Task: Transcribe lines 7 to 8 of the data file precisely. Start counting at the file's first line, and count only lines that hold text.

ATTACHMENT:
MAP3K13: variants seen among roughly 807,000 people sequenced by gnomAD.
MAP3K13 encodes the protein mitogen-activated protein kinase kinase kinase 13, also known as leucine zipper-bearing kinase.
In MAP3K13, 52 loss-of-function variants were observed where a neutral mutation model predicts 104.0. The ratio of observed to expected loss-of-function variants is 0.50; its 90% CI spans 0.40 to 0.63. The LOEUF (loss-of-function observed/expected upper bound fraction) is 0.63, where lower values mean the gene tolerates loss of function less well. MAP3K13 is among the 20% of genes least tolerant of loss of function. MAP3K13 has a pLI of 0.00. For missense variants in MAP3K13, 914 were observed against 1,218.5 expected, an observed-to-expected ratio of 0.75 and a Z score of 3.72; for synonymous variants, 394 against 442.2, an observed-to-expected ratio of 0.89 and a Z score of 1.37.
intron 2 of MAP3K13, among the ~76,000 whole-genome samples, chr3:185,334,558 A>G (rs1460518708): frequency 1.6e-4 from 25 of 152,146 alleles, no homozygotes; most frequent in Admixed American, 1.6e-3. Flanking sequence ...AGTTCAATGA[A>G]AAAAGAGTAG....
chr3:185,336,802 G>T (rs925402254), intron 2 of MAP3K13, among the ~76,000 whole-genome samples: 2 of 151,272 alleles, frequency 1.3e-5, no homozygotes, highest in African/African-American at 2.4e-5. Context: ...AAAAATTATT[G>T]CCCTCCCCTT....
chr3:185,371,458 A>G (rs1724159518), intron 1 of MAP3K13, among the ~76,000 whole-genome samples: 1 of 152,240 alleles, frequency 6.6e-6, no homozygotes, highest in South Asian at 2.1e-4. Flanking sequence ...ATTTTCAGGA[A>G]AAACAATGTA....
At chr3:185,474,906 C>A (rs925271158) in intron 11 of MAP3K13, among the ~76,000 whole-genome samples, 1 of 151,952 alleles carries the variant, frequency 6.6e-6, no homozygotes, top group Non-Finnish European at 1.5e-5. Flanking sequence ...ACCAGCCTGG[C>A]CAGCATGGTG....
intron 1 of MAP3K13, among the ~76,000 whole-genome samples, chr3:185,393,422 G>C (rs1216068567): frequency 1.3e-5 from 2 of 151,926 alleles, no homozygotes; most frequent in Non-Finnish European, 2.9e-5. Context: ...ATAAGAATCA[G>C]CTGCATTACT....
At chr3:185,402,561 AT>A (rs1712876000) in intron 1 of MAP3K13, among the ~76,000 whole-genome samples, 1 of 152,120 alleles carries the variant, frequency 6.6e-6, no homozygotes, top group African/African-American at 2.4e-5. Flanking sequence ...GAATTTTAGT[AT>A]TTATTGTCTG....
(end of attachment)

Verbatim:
At chr3:185,474,906 C>A (rs925271158) in intron 11 of MAP3K13, among the ~76,000 whole-genome samples, 1 of 151,952 alleles carries the variant, frequency 6.6e-6, no homozygotes, top group Non-Finnish European at 1.5e-5. Flanking sequence ...ACCAGCCTGG[C>A]CAGCATGGTG....
intron 1 of MAP3K13, among the ~76,000 whole-genome samples, chr3:185,393,422 G>C (rs1216068567): frequency 1.3e-5 from 2 of 151,926 alleles, no homozygotes; most frequent in Non-Finnish European, 2.9e-5. Context: ...ATAAGAATCA[G>C]CTGCATTACT....